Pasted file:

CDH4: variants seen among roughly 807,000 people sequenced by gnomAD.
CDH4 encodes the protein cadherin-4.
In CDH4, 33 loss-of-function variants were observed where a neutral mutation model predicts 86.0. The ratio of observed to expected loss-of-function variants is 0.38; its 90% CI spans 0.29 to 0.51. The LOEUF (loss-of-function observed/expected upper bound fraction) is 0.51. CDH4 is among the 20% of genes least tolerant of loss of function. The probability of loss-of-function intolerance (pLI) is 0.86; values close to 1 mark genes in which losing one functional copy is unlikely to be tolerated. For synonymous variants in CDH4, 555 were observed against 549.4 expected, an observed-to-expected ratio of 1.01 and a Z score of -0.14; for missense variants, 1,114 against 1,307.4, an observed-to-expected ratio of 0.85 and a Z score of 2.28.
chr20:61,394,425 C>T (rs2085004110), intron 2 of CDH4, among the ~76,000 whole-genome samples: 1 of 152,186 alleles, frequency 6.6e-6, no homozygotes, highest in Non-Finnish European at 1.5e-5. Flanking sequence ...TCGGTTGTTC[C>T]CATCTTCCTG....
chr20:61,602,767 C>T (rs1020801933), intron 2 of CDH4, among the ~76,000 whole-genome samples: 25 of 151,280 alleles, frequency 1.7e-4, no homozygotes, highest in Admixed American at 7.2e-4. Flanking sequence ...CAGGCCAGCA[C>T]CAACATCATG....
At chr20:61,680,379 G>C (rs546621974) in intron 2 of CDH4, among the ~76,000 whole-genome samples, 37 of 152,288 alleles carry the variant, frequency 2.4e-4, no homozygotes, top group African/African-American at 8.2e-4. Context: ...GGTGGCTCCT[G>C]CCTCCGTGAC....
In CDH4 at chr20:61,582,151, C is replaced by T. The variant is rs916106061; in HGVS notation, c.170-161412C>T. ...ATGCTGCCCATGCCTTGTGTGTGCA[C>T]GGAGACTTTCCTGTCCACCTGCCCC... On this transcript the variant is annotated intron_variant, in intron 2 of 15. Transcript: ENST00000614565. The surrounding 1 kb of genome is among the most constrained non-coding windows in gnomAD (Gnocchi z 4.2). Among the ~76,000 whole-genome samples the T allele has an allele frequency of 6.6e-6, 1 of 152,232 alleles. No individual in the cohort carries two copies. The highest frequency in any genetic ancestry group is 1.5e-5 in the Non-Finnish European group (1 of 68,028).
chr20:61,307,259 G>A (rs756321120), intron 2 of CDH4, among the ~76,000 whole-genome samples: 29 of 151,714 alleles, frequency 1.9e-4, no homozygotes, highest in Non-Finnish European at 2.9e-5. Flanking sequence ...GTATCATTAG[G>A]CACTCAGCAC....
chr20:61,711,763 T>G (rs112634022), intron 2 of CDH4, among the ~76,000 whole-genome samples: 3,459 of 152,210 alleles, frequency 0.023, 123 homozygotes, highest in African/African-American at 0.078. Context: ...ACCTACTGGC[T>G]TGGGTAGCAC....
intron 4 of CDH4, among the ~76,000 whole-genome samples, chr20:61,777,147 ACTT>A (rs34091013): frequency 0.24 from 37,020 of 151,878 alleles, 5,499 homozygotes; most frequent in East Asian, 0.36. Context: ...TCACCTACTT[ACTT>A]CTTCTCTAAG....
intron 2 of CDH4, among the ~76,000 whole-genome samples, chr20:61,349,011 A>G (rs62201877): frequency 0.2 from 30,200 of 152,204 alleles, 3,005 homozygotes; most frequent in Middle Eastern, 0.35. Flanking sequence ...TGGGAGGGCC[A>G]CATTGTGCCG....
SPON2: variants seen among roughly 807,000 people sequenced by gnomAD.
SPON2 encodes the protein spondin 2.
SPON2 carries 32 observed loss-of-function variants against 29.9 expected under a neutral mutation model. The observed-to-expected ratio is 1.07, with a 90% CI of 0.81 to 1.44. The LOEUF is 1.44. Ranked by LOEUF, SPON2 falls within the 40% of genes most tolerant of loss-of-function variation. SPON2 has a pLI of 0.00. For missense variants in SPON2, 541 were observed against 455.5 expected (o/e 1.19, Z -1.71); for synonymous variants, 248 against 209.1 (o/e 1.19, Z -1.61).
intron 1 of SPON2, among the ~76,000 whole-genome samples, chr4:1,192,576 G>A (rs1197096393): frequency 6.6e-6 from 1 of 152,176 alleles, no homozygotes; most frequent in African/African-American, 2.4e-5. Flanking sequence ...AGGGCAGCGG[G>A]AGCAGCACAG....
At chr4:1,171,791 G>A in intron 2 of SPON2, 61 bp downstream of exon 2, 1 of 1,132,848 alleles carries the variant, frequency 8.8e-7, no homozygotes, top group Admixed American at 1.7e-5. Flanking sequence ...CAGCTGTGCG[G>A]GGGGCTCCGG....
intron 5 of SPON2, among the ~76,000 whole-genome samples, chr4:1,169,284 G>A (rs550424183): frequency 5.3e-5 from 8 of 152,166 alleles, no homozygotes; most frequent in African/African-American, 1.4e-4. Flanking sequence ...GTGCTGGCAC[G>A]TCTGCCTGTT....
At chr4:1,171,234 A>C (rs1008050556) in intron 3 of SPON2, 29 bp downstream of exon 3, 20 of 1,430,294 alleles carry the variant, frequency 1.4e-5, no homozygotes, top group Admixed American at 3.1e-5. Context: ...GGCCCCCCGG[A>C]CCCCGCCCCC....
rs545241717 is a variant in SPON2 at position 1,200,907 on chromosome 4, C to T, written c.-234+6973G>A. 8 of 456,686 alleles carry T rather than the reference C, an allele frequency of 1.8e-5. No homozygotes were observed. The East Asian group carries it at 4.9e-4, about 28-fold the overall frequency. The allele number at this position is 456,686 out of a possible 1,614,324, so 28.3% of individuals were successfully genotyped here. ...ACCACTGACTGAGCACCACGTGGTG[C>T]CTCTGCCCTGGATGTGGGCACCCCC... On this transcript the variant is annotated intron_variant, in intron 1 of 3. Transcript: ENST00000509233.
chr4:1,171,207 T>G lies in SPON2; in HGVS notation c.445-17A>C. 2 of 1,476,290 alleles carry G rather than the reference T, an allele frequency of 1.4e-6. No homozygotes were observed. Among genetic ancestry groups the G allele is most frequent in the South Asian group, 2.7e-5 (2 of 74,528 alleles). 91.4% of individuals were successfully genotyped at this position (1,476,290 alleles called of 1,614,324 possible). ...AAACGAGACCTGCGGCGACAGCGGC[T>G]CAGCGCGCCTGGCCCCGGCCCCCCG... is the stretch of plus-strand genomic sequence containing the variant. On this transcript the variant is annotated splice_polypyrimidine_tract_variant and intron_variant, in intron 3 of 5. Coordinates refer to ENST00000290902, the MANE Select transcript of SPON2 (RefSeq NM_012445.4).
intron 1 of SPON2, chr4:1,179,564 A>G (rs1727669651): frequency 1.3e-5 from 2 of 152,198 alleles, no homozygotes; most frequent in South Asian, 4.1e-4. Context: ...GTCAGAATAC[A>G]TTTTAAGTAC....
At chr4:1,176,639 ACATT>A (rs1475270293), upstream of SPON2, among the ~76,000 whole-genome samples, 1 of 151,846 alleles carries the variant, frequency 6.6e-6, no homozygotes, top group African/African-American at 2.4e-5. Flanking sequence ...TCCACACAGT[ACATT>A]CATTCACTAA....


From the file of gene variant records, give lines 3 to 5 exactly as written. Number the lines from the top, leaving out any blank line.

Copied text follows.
In CDH4, 33 loss-of-function variants were observed where a neutral mutation model predicts 86.0. The ratio of observed to expected loss-of-function variants is 0.38; its 90% CI spans 0.29 to 0.51. The LOEUF (loss-of-function observed/expected upper bound fraction) is 0.51. CDH4 is among the 20% of genes least tolerant of loss of function. The probability of loss-of-function intolerance (pLI) is 0.86; values close to 1 mark genes in which losing one functional copy is unlikely to be tolerated. For synonymous variants in CDH4, 555 were observed against 549.4 expected, an observed-to-expected ratio of 1.01 and a Z score of -0.14; for missense variants, 1,114 against 1,307.4, an observed-to-expected ratio of 0.85 and a Z score of 2.28.
chr20:61,394,425 C>T (rs2085004110), intron 2 of CDH4, among the ~76,000 whole-genome samples: 1 of 152,186 alleles, frequency 6.6e-6, no homozygotes, highest in Non-Finnish European at 1.5e-5. Flanking sequence ...TCGGTTGTTC[C>T]CATCTTCCTG....
chr20:61,602,767 C>T (rs1020801933), intron 2 of CDH4, among the ~76,000 whole-genome samples: 25 of 151,280 alleles, frequency 1.7e-4, no homozygotes, highest in Admixed American at 7.2e-4. Flanking sequence ...CAGGCCAGCA[C>T]CAACATCATG....